City Cast

Nonprofits to Consider Donating to

Rachel Monahan
Posted on November 28, 2022   |   Updated on June 12
Local nonprofits work on a full range of issues — including Columbia Riverkeeper on environmental issues. (@columbiariverkeeper)

Local nonprofits work on a full range of issues — including Columbia Riverkeeper on environmental issues. (@columbiariverkeeper)

What would you like to change about Portland? How do you want to help? Thinking about charitable gifts has me thinking about the problems our city faces: homelessness, addiction, violence, food insecurity, mental health, racial injustice, and animal welfare to name just a few. 

There are so many nonprofits in Portland doing good work. Here are just a few categories and ideas of groups to give to this season.


The more Portland has grown as a city, and the more housing costs have risen, the more our region has seen a crisis on our streets. The pandemic has only made it worse. That has Portland pushing to outlaw street camping. There are many groups attending to people who are unhoused. Here’s one group that’s been around for a long time and seeks to make a difference for those most in need.

Outside In
 works with some of the most vulnerable — particularly youth who are unhoused. They’ve been around since 1968, have a health clinic, and help with housing as well. 

Climate Change, Environment, and Ecology

Recent years have brought the effects of climate change to Portland, with a record-setting heat wave last year, and increased wildfire threats in recent summers. Just last month, we set a record for the hottest October ever. But many groups are trying to make our natural world safe for the here and now as well, including keeping our water and air clean for humans and animals alike.

Columbia Riverkeeper
 advocates for a clean river. But they keep their eye on a range of environmental issues from salmon to fossil fuels. They were among the groups to fight an oil terminal on the Columbia River in Washington. They helped blocked a Nestle water bottling plant in the Columbia Gorge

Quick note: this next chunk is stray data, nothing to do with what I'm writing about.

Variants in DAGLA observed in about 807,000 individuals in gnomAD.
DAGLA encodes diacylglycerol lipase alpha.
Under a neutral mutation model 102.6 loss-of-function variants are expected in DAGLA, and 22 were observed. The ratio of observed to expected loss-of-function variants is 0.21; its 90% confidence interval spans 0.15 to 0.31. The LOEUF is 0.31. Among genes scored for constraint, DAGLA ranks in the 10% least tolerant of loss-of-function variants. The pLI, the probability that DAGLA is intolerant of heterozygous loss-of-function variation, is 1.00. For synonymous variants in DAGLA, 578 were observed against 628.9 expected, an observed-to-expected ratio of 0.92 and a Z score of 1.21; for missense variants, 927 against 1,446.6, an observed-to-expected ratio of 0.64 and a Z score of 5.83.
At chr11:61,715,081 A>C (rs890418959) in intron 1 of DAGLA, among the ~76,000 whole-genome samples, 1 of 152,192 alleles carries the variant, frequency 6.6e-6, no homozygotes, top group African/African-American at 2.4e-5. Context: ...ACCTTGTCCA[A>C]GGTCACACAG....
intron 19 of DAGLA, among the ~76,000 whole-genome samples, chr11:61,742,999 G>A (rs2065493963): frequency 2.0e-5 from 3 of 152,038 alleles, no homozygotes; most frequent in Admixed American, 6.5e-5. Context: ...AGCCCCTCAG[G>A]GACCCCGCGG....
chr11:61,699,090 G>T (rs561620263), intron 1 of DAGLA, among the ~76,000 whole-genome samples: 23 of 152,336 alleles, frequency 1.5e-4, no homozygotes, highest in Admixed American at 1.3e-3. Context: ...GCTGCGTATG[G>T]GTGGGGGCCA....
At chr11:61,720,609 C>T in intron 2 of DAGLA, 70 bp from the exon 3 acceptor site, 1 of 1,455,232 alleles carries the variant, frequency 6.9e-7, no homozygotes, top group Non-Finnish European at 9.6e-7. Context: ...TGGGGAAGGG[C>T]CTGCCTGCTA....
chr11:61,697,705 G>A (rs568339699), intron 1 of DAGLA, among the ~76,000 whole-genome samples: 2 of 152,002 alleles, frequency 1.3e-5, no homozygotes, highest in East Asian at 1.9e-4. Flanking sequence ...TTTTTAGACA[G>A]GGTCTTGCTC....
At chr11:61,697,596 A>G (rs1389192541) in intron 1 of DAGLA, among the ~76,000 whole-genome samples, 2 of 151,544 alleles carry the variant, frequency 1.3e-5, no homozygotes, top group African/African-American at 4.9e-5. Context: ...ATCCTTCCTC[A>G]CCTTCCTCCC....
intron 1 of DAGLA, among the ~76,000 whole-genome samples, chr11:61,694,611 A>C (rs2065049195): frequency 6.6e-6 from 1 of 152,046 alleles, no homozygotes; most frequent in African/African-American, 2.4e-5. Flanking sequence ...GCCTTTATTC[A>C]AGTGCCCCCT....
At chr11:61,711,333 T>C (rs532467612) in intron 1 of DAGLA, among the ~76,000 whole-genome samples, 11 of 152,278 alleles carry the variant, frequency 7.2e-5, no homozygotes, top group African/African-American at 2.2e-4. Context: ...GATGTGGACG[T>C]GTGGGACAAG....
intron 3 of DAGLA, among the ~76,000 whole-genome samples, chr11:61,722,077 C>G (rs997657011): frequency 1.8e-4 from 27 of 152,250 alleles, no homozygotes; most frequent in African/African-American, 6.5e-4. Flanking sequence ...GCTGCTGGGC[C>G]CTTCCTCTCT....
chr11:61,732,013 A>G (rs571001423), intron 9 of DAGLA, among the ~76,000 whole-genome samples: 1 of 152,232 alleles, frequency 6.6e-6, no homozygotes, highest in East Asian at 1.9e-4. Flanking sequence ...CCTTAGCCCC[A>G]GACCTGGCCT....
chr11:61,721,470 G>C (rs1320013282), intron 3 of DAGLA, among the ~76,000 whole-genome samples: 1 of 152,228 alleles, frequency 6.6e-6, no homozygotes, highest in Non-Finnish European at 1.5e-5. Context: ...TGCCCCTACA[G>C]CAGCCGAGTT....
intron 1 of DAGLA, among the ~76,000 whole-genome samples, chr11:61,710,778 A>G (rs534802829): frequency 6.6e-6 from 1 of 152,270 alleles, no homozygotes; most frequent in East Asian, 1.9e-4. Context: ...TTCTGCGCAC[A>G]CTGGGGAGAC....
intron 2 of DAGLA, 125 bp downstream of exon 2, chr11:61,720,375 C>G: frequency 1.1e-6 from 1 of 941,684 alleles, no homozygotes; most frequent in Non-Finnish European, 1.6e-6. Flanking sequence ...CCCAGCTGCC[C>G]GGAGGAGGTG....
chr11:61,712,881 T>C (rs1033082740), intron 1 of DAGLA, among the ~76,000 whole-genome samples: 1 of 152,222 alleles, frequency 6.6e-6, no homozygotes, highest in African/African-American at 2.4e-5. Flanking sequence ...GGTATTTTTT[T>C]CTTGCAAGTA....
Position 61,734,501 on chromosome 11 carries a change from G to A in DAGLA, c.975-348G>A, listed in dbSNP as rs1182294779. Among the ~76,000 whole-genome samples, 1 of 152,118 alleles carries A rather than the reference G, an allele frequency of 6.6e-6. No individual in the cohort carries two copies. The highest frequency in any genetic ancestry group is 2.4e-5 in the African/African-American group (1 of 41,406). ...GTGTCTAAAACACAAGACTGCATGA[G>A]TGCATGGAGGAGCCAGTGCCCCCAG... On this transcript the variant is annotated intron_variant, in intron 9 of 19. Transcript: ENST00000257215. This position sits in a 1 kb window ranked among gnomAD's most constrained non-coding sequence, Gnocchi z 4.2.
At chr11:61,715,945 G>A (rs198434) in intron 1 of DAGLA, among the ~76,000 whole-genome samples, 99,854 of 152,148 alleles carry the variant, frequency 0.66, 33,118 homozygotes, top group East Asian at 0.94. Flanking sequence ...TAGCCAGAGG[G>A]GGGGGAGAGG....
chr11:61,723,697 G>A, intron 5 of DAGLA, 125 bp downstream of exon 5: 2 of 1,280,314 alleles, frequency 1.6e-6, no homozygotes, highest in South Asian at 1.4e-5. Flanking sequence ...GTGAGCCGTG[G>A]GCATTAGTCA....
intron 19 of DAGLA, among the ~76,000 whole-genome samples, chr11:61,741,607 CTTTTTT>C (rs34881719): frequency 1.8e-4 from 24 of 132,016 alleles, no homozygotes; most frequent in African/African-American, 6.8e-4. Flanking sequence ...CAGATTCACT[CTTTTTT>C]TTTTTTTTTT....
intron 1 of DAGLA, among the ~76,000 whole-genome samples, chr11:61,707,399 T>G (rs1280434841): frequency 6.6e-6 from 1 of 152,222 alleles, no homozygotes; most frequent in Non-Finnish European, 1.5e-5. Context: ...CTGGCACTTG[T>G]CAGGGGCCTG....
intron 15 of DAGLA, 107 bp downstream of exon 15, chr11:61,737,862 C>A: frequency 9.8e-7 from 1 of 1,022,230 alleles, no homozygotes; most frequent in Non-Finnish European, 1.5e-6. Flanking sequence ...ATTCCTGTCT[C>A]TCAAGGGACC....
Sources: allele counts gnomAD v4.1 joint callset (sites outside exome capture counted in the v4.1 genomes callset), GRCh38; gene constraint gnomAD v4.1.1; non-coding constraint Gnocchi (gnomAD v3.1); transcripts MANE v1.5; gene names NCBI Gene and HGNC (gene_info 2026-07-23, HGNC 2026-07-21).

Friends of Trees
 plants trees around town. As the climate warms, it’s all the more important that cities have trees — which provide a canopy against the sun and help cool neighborhoods. And this is the group that’s doing that vital work in our city. 

Food Insecurity

Rising food costs in our community have meant more people are struggling to eat. The nonprofits fighting food insecurity are themselves facing higher costs and are in greater need of support this year.

The Oregon Food Bank has brought attention to the issue of food insecurity for decades, while providing resources across the state as the problem grew during the pandemic. They have a fun fundraiser on right now — a raffle for a giant cinnamon roll.

Animal Welfare

Portland loves its animals, and there is no shortage of nonprofits to support for those who want to help our furry friends. But one nonprofit stands out this time of year.

The Oregon Humane Society rescues cats and dogs. In fact, Portland (via OHS) imports pets from across the nation because we’re such animal lovers. OHS also recently opened a vet clinic, allowing pet owners to pay based on what they can afford, which is fantastic because vet bills add up. (Disclosure: I have volunteered for the group taking care of kittens too young to be adopted out.)

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